Growing Up Jewish on Hitler's Block: 'Our Neighbor's a Dangerous Man'
A Jewish man remembers growing up with Hitler as his neighbor
The following is an excerpt from Hitler, My Neighbor: Memories of a Jewish Childhood, 1929-1939 by Edgar Feuchtwanger with Bertil Scali, translated by Adriana Hunter. In this passage, Feuchtwanger — who grew up Jewish in Munich, across the street from Adolf Hitler’s house — recalls the lead-up to the 1930 elections that saw the Nazi party gain a serious foothold in the Reichstag:
Since we’ve been home from our vacation, there’s been talk of nothing but politics in the house. Uncle Lion’s book has been published. It’s in all the bookshops. When we go for our walks, Rosie points it out to me in windows. I feel proud when I see it. The bookseller told us it seems to be selling better than Mein Kampf. I know it says bad things about Hitler; I also know our neighbor’s a dangerous man. My parents, my grandparents, and Beate’s relations too are all saying the same thing: he’s a liar and a thief. Even the milkman talked to Rosie about it. He told her Hitler was taking all the milk for the neighborhood so there was less for everyone else. My mother was furious. According to my father, the milkman was wrong because no one can requisition their neighbors’ milk. He also said that Hitler couldn’t single-handedly drink the usual milk consumption of several families. Otherwise it would be good news because it would kill him!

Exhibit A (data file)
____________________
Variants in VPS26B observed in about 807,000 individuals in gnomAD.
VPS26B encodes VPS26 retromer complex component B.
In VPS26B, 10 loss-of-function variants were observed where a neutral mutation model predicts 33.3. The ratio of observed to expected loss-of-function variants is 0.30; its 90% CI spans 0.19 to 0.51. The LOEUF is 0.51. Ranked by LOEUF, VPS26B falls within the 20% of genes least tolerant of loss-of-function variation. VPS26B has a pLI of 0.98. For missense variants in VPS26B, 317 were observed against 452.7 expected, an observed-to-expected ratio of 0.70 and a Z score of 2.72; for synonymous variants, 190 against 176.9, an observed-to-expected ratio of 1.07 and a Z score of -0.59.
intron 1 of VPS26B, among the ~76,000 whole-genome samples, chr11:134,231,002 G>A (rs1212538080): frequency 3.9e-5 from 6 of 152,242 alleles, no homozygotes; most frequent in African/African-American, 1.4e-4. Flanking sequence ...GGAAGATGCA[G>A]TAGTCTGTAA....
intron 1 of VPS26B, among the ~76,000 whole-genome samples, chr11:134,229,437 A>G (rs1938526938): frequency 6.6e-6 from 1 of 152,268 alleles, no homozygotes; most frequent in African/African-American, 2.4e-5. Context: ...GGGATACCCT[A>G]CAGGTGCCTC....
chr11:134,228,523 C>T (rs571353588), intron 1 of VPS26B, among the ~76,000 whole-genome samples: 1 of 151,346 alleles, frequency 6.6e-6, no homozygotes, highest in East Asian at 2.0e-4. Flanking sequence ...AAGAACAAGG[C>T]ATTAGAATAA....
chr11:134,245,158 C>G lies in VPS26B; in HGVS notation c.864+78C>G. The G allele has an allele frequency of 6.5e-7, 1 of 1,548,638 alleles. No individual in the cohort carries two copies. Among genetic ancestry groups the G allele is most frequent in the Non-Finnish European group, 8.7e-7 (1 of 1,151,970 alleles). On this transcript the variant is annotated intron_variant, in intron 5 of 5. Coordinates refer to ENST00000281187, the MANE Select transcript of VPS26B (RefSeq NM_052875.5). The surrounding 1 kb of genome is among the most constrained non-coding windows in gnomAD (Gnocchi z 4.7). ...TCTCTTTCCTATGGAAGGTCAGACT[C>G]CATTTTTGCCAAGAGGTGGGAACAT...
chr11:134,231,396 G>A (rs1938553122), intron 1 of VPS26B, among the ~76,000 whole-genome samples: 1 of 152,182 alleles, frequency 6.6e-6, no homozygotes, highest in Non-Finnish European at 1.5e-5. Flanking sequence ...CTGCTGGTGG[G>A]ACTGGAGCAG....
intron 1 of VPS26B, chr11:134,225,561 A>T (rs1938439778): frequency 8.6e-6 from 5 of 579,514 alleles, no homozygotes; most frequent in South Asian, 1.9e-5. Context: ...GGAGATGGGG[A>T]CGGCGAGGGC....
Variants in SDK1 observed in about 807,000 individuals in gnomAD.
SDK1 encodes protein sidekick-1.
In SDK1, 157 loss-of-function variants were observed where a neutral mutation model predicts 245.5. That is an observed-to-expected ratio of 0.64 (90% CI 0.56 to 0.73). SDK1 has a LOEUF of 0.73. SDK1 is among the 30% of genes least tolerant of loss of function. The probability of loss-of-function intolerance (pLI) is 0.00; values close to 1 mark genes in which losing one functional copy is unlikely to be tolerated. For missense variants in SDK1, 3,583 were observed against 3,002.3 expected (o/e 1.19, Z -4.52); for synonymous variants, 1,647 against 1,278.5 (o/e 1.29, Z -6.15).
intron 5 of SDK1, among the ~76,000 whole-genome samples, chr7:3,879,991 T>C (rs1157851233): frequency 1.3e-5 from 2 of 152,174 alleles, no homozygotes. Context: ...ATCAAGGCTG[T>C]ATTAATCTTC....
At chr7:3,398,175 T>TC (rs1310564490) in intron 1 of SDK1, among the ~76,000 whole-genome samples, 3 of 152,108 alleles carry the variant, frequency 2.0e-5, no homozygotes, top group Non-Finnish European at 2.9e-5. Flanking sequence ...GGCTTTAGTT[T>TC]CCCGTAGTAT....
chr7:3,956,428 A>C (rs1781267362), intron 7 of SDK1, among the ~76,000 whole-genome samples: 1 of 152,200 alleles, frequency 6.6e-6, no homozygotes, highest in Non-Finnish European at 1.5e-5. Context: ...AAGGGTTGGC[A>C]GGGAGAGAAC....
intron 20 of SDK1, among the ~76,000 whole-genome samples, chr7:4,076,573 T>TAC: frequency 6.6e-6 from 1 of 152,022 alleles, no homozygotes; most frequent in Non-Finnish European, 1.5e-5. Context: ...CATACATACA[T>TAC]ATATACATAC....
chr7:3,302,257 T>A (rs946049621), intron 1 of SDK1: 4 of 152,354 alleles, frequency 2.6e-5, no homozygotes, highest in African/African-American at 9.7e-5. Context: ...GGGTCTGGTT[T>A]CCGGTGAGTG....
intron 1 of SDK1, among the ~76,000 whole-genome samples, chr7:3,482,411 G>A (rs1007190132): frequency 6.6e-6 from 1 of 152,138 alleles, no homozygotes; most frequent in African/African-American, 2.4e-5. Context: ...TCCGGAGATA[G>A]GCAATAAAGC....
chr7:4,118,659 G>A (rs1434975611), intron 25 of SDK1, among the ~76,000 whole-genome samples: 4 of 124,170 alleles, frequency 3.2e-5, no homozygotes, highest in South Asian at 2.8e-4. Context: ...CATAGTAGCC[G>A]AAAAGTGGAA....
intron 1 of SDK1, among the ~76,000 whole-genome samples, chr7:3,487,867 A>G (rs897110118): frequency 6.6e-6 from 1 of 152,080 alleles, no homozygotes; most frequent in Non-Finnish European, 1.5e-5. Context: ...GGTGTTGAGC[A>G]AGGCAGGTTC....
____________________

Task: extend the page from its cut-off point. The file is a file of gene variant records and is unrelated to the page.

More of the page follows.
He’s right in front of us, outside his building. We’ve stopped in our tracks. Rosie is stock-still. I can see he’s cut himself shaving, as my father sometimes does. He has blue eyes. I didn’t know that. You can’t see that in photos.
I thought his eyes were completely black. I’ve never seen him so close up. He has hairs in his nose, and a few in his ears. He’s shorter than I thought. Shorter than my father. Shorter than Rosie. Passersby stop, like us. He looks at me. I should look away. But I can’t. I stare at him. Maybe I should smile? I’m his neighbor, after all! Does he recognize me? Does he know I watch him from my bedroom? Can he see inside our house? Does he watch us eating in the dining room? Does he know I’m Jewish? I don’t want him to hate me. Or my father. Or my mother. Are people looking at me? He’s climbed into a dark car, black as night, its lines as hard as stone.
On the way home from the park with Rosie, I ran along the sidewalk, rolling my hoop ahead of me with little nudges of the stick. Uncle Lion was at home when we reached the house. I’ve come to sit on the floor in the sunshine in the drawing room, to listen to what they’re saying. My mother looks worried, my father serious. Only Uncle Lion is still smiling. They’re all looking at a newspaper open on the coffee table.
“Look what they’re doing, it’s disgusting,” says my father.
There’s an illustration of a great fat man wearing a bow tie; he has a big nose and eyebrows like bushes.